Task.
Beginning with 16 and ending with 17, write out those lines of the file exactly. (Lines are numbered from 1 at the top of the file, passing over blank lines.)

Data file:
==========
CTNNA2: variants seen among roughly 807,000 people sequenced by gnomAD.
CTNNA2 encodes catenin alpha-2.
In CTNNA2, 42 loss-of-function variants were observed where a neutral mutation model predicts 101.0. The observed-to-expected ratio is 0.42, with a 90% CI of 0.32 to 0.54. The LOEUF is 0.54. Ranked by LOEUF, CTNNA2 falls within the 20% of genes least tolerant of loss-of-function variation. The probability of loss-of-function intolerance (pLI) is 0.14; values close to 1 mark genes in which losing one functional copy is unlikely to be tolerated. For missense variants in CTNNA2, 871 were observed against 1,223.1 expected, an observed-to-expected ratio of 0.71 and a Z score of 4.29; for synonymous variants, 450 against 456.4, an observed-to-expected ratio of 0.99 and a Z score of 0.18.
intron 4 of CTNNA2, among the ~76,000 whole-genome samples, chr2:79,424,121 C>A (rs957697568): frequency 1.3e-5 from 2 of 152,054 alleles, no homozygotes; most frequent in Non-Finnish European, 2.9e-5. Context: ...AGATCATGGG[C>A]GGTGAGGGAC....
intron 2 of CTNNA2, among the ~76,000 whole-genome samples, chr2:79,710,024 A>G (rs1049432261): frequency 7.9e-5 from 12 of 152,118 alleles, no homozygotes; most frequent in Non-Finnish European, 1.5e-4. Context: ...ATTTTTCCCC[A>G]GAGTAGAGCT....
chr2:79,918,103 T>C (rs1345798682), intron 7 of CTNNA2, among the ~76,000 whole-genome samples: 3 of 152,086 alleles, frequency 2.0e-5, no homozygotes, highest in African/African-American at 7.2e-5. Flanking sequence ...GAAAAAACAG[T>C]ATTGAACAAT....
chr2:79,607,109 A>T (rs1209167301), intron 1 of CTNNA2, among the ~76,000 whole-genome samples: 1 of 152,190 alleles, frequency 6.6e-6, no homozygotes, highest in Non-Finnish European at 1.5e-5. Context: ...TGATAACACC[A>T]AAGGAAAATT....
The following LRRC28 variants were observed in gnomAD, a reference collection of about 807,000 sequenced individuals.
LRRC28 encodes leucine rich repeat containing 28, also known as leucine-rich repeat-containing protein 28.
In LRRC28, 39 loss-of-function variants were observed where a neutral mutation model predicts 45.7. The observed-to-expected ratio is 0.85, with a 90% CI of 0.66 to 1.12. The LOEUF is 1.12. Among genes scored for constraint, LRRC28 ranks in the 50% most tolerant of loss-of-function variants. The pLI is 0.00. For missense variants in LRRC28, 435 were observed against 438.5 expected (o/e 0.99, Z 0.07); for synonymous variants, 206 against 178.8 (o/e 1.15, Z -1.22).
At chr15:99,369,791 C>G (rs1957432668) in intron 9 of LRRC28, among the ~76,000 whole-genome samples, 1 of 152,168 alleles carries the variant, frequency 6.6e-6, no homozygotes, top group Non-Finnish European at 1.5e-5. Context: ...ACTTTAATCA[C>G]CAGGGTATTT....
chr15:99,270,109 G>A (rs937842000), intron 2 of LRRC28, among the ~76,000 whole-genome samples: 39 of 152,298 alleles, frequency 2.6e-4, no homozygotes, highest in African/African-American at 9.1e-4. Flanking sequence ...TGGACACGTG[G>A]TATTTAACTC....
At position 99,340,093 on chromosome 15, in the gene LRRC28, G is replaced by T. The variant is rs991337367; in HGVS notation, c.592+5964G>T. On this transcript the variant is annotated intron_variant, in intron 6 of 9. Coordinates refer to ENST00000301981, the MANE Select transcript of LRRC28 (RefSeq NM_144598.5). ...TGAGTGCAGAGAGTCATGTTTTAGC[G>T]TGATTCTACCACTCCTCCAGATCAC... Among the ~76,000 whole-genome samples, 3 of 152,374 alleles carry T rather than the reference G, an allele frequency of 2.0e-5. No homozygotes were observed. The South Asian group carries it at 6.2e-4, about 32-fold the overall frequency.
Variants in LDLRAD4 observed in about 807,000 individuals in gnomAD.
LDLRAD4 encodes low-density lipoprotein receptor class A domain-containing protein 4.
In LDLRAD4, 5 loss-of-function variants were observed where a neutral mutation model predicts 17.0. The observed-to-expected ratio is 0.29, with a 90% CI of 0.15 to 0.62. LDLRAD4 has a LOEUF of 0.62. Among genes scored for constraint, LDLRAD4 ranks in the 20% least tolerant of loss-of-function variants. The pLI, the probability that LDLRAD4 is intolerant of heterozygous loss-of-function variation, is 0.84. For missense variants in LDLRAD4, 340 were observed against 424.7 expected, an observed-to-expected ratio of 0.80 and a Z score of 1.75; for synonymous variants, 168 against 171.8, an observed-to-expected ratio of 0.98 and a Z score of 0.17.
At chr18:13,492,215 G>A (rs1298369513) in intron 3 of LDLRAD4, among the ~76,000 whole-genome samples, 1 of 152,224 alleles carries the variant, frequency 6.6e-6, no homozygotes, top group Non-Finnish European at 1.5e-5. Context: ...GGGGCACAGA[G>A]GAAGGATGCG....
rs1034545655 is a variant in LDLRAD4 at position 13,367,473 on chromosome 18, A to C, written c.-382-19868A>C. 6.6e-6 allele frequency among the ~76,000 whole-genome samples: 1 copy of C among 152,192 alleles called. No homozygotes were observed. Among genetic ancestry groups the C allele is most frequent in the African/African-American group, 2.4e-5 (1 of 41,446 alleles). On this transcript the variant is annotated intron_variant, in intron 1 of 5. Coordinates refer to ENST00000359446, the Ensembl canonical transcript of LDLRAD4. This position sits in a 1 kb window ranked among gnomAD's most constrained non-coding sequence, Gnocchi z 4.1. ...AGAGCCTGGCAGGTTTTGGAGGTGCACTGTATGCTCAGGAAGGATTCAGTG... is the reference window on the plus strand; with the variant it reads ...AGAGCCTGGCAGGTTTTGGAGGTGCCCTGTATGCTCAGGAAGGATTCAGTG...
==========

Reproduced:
In LDLRAD4, 5 loss-of-function variants were observed where a neutral mutation model predicts 17.0. The observed-to-expected ratio is 0.29, with a 90% CI of 0.15 to 0.62. LDLRAD4 has a LOEUF of 0.62. Among genes scored for constraint, LDLRAD4 ranks in the 20% least tolerant of loss-of-function variants. The pLI, the probability that LDLRAD4 is intolerant of heterozygous loss-of-function variation, is 0.84. For missense variants in LDLRAD4, 340 were observed against 424.7 expected, an observed-to-expected ratio of 0.80 and a Z score of 1.75; for synonymous variants, 168 against 171.8, an observed-to-expected ratio of 0.98 and a Z score of 0.17.
At chr18:13,492,215 G>A (rs1298369513) in intron 3 of LDLRAD4, among the ~76,000 whole-genome samples, 1 of 152,224 alleles carries the variant, frequency 6.6e-6, no homozygotes, top group Non-Finnish European at 1.5e-5. Context: ...GGGGCACAGA[G>A]GAAGGATGCG....